John Bocock's family used to milk cows on his farm in this pale yellow barn.
It was built in 1947, Bocock says, and was one of the first loose-housing barns in the province — the cows could walk around on an elevated platform while being milked instead of being held in one place. "Dad had a bad back, so the idea of having a cow up high so he didn't have to bend over appealed to him."
Now, instead of milking cows, Bocock is using the barn to milk the sun. He installed 16 grid-connected solar electric modules on its roof this week to support renewable energy production — one of the largest such installations in Sturgeon County.
Bocock says he got interested in renewable power when he learned that one of the routes for the Heartland Transmission Project power line could run through the centre of his farm. (That route was later dropped.) He later heard a talk by Enmax CEO Gary Holden at the University of Alberta suggesting that those lines would not be needed if more power was made locally.
That prompted him to invest in solar power. "If you're going to be against something," he says, "you better figure out what the alternative is. The alternative, in my mind, is for individuals and industry to create more electricity on site so we don't need all these massive power lines."
John Kristensen, vice-president of Responsible Electricity Transmission for Albertans, agreed with Bocock's position. "The closer you get generation of electricity to where it's needed, the fewer power lines you need," he says.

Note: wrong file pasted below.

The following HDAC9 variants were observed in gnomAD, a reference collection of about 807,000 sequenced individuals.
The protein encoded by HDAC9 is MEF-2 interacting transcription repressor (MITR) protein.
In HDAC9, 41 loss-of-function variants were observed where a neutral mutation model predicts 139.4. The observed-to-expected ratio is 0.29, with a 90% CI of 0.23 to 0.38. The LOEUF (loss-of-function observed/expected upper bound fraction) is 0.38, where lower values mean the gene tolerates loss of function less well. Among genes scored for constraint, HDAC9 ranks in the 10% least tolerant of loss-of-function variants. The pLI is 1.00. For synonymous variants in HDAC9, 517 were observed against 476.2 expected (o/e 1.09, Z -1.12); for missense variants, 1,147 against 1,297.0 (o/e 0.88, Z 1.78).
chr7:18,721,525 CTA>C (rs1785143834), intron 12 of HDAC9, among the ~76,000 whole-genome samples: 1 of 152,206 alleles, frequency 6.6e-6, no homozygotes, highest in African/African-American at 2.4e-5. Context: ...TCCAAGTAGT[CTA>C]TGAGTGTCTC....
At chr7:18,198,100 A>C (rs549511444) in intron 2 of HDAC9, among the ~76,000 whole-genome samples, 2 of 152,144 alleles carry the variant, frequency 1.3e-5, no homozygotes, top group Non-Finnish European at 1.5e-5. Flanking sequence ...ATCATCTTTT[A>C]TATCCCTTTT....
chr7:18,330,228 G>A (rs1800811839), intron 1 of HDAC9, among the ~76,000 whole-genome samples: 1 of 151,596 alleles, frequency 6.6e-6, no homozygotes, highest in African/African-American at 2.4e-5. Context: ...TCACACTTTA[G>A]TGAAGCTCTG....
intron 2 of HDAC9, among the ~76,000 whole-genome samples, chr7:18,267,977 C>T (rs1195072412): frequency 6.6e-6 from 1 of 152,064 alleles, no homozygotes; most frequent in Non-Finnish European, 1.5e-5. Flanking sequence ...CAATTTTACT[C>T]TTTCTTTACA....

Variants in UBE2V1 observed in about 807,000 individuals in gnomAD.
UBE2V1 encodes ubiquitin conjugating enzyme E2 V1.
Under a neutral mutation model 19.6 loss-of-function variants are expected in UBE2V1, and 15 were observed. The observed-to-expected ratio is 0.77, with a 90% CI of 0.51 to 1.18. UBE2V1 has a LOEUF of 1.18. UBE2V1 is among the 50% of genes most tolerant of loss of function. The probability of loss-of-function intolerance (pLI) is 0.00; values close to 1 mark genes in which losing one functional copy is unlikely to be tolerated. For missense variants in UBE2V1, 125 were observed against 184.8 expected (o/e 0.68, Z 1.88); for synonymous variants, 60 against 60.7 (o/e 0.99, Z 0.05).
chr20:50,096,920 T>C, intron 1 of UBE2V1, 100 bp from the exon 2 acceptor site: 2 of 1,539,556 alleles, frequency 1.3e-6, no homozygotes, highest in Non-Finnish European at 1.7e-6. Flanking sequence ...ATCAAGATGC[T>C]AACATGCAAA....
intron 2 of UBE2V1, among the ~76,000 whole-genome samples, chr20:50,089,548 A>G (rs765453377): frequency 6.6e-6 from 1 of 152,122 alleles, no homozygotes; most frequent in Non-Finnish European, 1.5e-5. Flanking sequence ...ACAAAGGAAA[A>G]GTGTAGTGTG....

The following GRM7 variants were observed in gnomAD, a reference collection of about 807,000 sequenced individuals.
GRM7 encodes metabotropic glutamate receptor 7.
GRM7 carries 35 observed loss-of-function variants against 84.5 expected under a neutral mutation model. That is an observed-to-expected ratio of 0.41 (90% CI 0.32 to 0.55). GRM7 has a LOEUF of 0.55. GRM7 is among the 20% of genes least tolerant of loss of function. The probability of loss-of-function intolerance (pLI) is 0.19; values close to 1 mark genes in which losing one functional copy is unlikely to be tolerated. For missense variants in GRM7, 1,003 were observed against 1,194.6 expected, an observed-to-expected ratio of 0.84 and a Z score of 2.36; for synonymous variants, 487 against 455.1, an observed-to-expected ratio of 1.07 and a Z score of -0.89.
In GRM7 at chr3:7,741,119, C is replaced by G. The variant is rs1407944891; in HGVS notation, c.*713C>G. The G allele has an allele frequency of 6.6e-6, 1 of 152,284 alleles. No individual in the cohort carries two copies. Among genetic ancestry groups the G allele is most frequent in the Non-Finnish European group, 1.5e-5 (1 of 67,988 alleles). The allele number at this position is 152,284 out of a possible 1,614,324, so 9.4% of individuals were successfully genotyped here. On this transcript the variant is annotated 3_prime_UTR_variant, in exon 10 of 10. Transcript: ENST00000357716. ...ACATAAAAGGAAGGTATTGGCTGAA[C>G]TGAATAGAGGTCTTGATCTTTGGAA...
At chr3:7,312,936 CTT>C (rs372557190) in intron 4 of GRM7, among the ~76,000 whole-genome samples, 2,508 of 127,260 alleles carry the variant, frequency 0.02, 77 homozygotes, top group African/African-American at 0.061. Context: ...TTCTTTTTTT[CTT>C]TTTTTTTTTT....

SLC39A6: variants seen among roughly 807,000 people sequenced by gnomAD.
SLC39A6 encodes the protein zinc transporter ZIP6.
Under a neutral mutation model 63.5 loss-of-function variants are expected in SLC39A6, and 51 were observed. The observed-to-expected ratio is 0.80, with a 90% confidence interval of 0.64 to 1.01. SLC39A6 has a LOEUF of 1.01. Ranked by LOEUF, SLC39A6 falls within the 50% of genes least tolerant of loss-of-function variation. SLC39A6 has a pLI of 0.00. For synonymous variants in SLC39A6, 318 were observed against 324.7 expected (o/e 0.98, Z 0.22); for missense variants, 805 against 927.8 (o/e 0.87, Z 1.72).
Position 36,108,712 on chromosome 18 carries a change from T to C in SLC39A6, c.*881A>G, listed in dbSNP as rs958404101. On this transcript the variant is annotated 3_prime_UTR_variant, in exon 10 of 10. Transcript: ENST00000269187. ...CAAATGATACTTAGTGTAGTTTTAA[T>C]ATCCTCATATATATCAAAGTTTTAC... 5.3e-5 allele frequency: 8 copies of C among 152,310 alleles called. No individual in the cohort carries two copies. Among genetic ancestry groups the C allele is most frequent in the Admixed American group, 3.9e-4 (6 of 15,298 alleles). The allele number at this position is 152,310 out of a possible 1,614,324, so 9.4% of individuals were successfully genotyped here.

The Alberta Electric System Operator has argued that more lines will be needed to accommodate future electricity demand and renewable power generation. As renewable power is not always generated when and where it's needed, more lines would be needed to shuttle it to the appropriate place.
Solar power has long proved popular on farms in the form of solar-powered water pumps and electric fences, says Mike Hittinger of the Northwest Alliance Conservation Initiative. Farmers often need these devices in remote locations, and it's easier to put in a solar panel than to run wires to them.
Interest in grid-connected panels is growing, he continues, but is still in its infancy. "We get a lot of people calling saying, 'How can I get totally off the grid with solar power?'" You'd need a lot of solar modules to do that, he notes, so he tells most people to get a few and stay hooked into the grid.
It's much easier to set up renewable power in the country than the city, says Andy Smith, chair of the Solar Energy Society of Alberta. You have the space to build wind turbines and to place solar modules at ground level, where they can be adjusted to better catch the sun, he said.
Bocock says his 3.4-kilowatt system will meet about 15 per cent of his farm's electricity needs (the farm has four houses and a workshop) and prevent about two car's worth of greenhouse gas emissions a year. It also means he won't need to buy a new transformer.
The system cost about $20,000, he continues, which he doesn't expect to get back any time soon. "It's a matter of conviction as it is of cost." Solar would be much more affordable in Alberta if the province started charging the full environmental cost of electricity production, he adds.
Alberta should tap its wind and solar energy to move away from coal-fired power, Kristensen says. "It's amazing the amount of electricity they can produce."
New homebuilders should look at solar power as a way to live off-grid, Bocock says. "You can do your heat with geothermal and generate [your own] power."